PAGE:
Australian Arrival Checklist
Okay, so you’ve landed Down Under, followed your fellow passengers to the baggage collection area, picked up your luggage but now what do you do?
Do you turn left? Right? Catch a taxi? A bus?
There’s so much to think of, which is why we’ve also put together an arrival checklist as a starting point for you to find your way.
Congratulations, you’ve made a really positive decision for your future by moving to beautiful and prosperous Australia!
Now it’s important to consider all of the factors that will ensure your arrival is as smooth and seamless as possible.
For example, some people will be lucky enough to have friends or family at the gate while others will need to fend for themselves, which can be a daunting experience when you’re in a foreign country.
that’s where we come in
The below checklist offers a bit of a starting point for you to add your own items to – because that’s what lists are for, right?
Plus, we can meet you at the gate when you arrive as part of our free service that starts from the moment you arrive to as long as you stay.
So what are you waiting for? Contact our dedicated 24/7 helpline to find how you can have your very own welcome to Australia!
- Airport shuttles: depending on where you’re staying when you first arrive they may offer transportation from the airport
- Accommodation: head straight to your pre-booked accommodation (you’ll no doubt be jet-lagged and want to settle in)
- Contact your family: let your loved ones know that you’ve arrived safely
- Mobile phone: set up a pre-paid mobile phone account (there’s no need to get a contracted one until you’re settled in)
- Internet access: make sure internet access is included in your mobile phone plan
relax and explore
- Room to breathe: explore your pressing needs, whether that’s a job, longer term accommodation or schooling
- Get accustomed: it’s important that you give yourself time to settle in, relax, get localised and become familiar with your surroundings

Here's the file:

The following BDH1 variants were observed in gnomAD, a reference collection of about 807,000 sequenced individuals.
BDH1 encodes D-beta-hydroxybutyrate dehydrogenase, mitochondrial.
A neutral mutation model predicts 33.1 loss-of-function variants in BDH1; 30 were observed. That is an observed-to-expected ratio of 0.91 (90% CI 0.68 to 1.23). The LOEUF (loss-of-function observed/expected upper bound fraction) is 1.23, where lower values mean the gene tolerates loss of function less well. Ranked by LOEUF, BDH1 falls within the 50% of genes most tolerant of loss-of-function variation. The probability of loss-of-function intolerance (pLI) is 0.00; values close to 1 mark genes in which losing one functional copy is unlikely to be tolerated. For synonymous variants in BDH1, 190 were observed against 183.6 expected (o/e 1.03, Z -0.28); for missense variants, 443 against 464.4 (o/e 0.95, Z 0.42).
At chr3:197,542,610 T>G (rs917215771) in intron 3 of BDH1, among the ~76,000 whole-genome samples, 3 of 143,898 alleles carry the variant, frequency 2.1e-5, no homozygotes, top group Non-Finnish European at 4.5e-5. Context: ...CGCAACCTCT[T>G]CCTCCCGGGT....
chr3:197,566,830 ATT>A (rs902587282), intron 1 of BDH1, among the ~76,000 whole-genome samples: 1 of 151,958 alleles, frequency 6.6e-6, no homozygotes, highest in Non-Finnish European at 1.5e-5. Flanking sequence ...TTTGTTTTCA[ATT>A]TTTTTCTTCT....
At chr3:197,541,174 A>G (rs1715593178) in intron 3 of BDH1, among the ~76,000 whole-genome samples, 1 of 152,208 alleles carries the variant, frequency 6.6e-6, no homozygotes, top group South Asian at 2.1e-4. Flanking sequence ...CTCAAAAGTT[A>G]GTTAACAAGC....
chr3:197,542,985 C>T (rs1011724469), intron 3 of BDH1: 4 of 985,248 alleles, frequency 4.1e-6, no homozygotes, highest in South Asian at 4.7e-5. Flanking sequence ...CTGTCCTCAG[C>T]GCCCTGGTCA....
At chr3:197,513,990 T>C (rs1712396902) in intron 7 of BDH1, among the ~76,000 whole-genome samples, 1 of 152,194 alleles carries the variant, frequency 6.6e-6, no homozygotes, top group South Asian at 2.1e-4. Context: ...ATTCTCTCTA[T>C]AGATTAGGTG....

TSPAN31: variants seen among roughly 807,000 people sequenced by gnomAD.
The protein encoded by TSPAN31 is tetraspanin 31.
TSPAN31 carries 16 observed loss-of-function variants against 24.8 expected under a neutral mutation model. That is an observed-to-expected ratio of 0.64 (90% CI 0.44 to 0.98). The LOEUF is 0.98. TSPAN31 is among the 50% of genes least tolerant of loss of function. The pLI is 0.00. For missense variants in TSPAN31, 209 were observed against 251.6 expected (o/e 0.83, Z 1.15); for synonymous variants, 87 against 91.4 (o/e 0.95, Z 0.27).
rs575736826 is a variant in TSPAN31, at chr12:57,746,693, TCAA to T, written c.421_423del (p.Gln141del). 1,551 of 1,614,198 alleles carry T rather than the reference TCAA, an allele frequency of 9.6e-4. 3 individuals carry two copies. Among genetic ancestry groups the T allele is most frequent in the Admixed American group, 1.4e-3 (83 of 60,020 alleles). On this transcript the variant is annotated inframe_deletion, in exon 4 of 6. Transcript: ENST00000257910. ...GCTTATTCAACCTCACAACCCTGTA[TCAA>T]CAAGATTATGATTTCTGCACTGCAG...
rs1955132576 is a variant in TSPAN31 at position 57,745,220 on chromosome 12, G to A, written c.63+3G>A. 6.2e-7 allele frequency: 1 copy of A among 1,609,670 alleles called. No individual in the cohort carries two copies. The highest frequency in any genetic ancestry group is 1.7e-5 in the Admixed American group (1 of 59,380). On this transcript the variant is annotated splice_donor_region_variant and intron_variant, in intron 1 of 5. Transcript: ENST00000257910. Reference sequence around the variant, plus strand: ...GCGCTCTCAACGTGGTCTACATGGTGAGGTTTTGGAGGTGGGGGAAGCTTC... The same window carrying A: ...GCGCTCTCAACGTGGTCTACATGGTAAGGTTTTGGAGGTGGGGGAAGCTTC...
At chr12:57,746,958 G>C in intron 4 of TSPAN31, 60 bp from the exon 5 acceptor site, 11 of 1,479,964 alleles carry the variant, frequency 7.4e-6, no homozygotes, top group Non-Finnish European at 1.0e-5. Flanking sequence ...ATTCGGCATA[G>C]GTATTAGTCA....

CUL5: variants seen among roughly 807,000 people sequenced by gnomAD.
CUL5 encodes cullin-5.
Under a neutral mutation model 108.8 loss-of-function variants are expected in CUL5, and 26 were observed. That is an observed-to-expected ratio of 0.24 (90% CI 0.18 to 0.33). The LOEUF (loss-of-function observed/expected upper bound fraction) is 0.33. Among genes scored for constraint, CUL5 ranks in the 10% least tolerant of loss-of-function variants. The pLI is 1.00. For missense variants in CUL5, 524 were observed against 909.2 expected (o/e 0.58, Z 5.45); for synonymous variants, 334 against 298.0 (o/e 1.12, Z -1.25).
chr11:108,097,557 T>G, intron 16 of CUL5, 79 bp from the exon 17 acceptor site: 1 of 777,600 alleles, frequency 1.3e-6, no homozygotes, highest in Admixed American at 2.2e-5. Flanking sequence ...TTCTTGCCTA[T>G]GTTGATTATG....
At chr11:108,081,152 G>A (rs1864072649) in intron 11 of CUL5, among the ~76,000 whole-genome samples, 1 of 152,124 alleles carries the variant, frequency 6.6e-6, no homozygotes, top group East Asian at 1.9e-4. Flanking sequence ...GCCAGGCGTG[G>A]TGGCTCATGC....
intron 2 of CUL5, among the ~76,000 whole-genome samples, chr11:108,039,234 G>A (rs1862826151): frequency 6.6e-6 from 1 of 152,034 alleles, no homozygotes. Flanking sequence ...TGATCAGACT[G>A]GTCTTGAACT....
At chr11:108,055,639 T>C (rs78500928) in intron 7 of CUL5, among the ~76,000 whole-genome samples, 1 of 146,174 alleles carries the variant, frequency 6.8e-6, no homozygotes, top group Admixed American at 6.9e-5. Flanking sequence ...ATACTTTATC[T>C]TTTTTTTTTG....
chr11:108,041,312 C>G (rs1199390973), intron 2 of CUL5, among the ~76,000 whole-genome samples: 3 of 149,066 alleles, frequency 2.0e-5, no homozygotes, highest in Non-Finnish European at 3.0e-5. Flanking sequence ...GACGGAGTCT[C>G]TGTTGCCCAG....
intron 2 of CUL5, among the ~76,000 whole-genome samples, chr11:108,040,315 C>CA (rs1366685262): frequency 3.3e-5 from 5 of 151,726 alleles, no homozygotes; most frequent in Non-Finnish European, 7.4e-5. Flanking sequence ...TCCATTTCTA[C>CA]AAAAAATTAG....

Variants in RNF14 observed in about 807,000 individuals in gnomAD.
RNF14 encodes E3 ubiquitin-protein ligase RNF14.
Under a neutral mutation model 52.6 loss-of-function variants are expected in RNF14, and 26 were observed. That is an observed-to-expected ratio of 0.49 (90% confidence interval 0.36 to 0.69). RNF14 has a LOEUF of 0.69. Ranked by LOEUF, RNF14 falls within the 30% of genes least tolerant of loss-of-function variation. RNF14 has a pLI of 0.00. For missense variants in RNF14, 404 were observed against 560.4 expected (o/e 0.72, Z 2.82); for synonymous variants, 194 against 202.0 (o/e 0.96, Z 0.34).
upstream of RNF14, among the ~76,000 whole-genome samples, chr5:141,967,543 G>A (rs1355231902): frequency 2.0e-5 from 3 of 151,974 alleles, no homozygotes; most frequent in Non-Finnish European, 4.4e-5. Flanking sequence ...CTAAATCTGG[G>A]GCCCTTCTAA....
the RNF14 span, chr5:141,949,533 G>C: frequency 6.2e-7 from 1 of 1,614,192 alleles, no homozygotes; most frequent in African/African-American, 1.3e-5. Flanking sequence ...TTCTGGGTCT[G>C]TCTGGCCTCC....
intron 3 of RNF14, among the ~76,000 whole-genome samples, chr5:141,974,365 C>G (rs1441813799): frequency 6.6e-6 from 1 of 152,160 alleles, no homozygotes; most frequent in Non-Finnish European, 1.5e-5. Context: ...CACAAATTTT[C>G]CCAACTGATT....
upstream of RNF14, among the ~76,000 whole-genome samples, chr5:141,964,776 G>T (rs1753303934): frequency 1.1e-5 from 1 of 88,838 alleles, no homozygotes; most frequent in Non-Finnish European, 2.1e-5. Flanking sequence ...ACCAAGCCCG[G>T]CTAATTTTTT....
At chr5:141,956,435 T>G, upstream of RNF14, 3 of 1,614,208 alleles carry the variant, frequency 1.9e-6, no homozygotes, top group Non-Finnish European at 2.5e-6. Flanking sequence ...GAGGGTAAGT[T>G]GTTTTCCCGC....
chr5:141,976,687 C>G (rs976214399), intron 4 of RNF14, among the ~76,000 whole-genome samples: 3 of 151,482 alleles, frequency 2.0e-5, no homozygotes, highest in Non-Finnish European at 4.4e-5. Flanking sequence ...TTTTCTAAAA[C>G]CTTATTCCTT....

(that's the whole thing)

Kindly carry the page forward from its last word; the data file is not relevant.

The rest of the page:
- Hire a car: this way you can explore even further, especially when it comes to your longer term needs
- Enjoy a coffee: go to a cafe and take the time to read the newspapers, looking at the available jobs, property, cars and so on. Newspapers have everything you need and being a newcomer can be expensive so don’t forget to make notes!
It’s really important that you keep all of your documents in a safe place, including:
- Identity documents: passports, birth certificates, marriage (and divorce) certificates
- Employment documents: CV, qualifications, certifications, references
- School documents: school reports and immunisation certificates
- Financial documents: credit records, account and loan details, records of trusts and companies you’ve operated, investment details
- Insurance documents: insurance policies and no claim bonus proof
- Legal documents: wills and so on
finances and health
- Tax file number: apply to the Australian Tax Office (ATO) for a tax file number
- Bank account: open a bank account at a reputable bank that suits your needs
- Medicare: if you’re eligible, register yourself and your family for a Medicare card, which gives you access to Australia’s public health system
- Private health insurance: consider your private health insurance options and arrange membership if it’s appropriate for you
- CV: update your CV and include the phrase ‘seeking interview’, as well as your Australian contact details
- Potential employers: make contact with potential employers and recruitment agencies to organise interviews
- Newspapers and websites: check out the daily newspapers and website listings to see if new jobs are advertised in your ideal field
- Car: if you need one, purchase a car (and don’t forget to organise registration and insurance)
- Public transport: find out about local public transport, including timetables
- Location, location, location: identify the areas that your job will most likely be centred in to help figure out the best places to look
- Rent rather than buy: until you have your new life sorted it’s best to commit to shorter term accommodation like rentals
- Avoid long-term contracts: even when renting, avoid longer term agreements as this may not end up being your final location
once you’ve found a home
- Get connected: organise your utilities such as phone, power, internet and so on
- Schools and childcare: if you’ve got kids, arrange to meet the people at their new school or childcare
- Neighbours and locals: say hello to your new neighbours and find out about the recreational activities and so on in your local area
thinking australia? ask the experts!
Of course, you’ll probably have more questions that you’ll need help with so why not get in touch with our friendly Australian migration experts through our dedicated 24/7 helpline?